What will be left when it’s all over.
A few months ago I ventured out of my house and out of my local area. Everything felt normal until I found myself veering to the edge of the pavement as I saw 2 old ladies sat on a bench in front of me. On another occasion, as I waited for the bus I put on my mask in preparation.
Right now the pandemic isn’t over but ‘normal life’ has started up again (even if there are still 101 restrictions in place). Most of us are leaving our houses much more than we were 7 months ago.
But once the pandemic is declared over, social distancing and wearing masks will stay with us even without the rules in place, even if just for a little while.
There will always be things that you need to do but don’t necessarily enjoy.
Often it’s these kinds of things that are good in the long run but in the moment, in the short run you’d rather not bother.
If it’s in a work environment you’ll most likely get it done because you have have to. However, when it comes to your own personal work or projects you might not have a monthly wage to motivate you to get things done.
And so you have to remind yourself of the benefits it will bring in the future.
But also remind yourself that if you don’t do it you’re more than likely to regret it later on when you’re unable to reap the rewards.
When starting something new, whilst it’s great to have a long term strategy, it is also important to focus on the present.
The last thing thing you want to do is get overwhelmed or distracted with where you want to be in a few years time.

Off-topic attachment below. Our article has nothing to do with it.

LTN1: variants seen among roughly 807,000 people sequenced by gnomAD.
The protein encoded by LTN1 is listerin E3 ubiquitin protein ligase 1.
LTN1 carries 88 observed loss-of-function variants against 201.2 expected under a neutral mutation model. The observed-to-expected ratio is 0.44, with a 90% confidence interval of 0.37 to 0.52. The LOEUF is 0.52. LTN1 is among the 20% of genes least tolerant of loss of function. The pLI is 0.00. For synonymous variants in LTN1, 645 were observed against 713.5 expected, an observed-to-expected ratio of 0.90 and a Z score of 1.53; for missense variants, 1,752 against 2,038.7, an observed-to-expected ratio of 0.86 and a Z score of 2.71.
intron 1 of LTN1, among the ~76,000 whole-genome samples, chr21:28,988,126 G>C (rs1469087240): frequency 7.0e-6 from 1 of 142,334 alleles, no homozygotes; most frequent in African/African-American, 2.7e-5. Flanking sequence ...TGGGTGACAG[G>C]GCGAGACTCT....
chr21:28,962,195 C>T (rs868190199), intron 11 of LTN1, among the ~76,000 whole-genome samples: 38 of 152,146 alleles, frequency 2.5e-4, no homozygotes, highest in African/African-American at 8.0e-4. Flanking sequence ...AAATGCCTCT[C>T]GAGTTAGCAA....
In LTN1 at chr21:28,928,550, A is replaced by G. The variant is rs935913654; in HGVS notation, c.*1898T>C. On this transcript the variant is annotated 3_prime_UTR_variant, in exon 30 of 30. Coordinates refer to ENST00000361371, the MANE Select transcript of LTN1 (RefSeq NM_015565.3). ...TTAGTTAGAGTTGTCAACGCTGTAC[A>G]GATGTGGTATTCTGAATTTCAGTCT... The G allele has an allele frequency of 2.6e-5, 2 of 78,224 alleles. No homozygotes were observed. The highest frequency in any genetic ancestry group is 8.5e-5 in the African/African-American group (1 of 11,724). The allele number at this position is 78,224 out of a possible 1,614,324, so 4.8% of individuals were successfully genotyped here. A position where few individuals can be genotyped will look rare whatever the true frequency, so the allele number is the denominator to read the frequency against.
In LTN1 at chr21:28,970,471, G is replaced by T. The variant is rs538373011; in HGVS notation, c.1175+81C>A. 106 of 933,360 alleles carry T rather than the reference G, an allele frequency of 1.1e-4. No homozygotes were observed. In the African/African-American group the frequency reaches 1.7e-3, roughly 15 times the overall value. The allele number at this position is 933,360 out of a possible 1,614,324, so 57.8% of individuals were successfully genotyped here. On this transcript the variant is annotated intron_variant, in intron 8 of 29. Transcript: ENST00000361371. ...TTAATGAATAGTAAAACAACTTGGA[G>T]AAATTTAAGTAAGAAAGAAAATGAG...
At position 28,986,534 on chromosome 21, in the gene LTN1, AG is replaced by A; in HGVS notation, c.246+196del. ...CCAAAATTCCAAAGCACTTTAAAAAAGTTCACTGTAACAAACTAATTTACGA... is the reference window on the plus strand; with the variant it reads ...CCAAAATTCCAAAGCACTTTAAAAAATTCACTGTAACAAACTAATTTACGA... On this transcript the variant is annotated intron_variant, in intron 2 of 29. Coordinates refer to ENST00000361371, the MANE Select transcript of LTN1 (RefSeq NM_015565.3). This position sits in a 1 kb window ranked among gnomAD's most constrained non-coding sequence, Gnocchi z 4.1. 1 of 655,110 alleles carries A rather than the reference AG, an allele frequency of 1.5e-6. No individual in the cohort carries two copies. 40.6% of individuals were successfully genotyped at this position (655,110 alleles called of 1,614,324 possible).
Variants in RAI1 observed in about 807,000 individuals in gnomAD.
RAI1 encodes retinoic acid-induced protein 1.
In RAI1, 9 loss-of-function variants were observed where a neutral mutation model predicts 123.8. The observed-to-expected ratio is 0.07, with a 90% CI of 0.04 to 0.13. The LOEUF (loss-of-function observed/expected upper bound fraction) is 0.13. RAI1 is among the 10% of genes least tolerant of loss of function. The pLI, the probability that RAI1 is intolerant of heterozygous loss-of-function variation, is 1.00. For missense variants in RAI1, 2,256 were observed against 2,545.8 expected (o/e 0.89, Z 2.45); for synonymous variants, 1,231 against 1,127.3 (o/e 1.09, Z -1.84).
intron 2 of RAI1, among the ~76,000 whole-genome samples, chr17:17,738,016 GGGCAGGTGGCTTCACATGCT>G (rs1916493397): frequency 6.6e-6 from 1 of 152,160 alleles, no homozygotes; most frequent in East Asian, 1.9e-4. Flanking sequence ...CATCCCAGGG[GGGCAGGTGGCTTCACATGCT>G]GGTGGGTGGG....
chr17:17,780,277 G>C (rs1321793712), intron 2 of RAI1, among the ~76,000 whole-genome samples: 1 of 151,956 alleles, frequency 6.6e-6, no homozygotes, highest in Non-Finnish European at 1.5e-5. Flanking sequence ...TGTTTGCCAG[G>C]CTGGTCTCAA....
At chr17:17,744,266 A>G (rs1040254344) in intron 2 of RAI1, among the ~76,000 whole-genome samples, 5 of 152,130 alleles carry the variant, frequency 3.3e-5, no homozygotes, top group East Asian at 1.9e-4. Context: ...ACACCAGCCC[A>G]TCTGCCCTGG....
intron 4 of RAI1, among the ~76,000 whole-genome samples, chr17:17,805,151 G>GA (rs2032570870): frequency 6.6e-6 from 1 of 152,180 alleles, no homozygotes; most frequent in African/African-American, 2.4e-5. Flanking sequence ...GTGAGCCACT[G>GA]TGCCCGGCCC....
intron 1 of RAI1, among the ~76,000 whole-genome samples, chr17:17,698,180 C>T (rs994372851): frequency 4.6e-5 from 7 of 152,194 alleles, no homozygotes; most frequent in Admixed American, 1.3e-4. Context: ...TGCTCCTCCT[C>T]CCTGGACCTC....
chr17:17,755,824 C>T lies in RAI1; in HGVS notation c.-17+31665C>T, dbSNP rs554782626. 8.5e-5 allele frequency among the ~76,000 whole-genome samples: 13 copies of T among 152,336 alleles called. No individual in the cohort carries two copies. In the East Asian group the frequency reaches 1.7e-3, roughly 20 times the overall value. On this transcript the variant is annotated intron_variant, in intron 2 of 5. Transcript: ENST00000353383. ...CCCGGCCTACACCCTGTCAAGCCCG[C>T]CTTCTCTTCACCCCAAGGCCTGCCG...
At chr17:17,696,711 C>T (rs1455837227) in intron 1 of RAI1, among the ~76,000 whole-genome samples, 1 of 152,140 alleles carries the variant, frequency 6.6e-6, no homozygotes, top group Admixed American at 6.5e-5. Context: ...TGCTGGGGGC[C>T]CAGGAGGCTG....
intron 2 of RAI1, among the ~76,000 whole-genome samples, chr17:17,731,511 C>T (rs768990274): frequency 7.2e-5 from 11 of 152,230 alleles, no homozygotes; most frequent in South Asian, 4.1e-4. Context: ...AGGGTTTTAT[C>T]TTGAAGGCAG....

The long term strategy gives you something to focus on and can help you figure out what you need to be doing day to day in order to achieve the bigger goal.
But what can end up happening is that you’re so focused on the little things you’re doing each day that you aren’t actually moving any closer to your goal.
And so it’s important to ensure that you regularly check in to keep things moving forward.
Most of us have some idea of where we’d like to be in 5, 10 maybe even 20 years time.
But sometimes the gap between now and then, is pretty hazy.
You know what you want but you’re not quite sure how you’ll get there.
And sometimes long-term plans change.
Maybe you happened to find something you care for more than what you’re currently trying to pursue. Maybe you realised that you don’t really want the thing you were working for. Or maybe you just feel like like doing something new.
For many people they actually end up having a better sense of direction when they change their plans. The gap becomes a little less hazy.
The reason for this is changing plans is a risk and they want it to be worth it.
This is one of the easiest ways to feel better about life.
Instead of gazing into the abyss of nothingness wondering what the future will hold, you can set yourself up with something to look forward to.
It could be a catch up with a friend in a few days time or a holiday a year from now. But it could also be you making time for a hobby you enjoy one evening after work.
I think the reason having something to look forward to can help us feel better is because it gives us some indication of how the future will be. Granted we can’t predict everything but if we can set one or even a few things in stone then suddenly the future isn’t so frightening.
It’s common to fear the unknown and so if you can in some way bring some sense of knowing or stability, it helps make things easier.
I think it’s fair to say that most people are enticed by new things. A new habit, a new opportunity even a new person. As much as we can fear the new there are many instances when it actually excites us.
Yet, in many cases instead of going towards the new thing, we look back.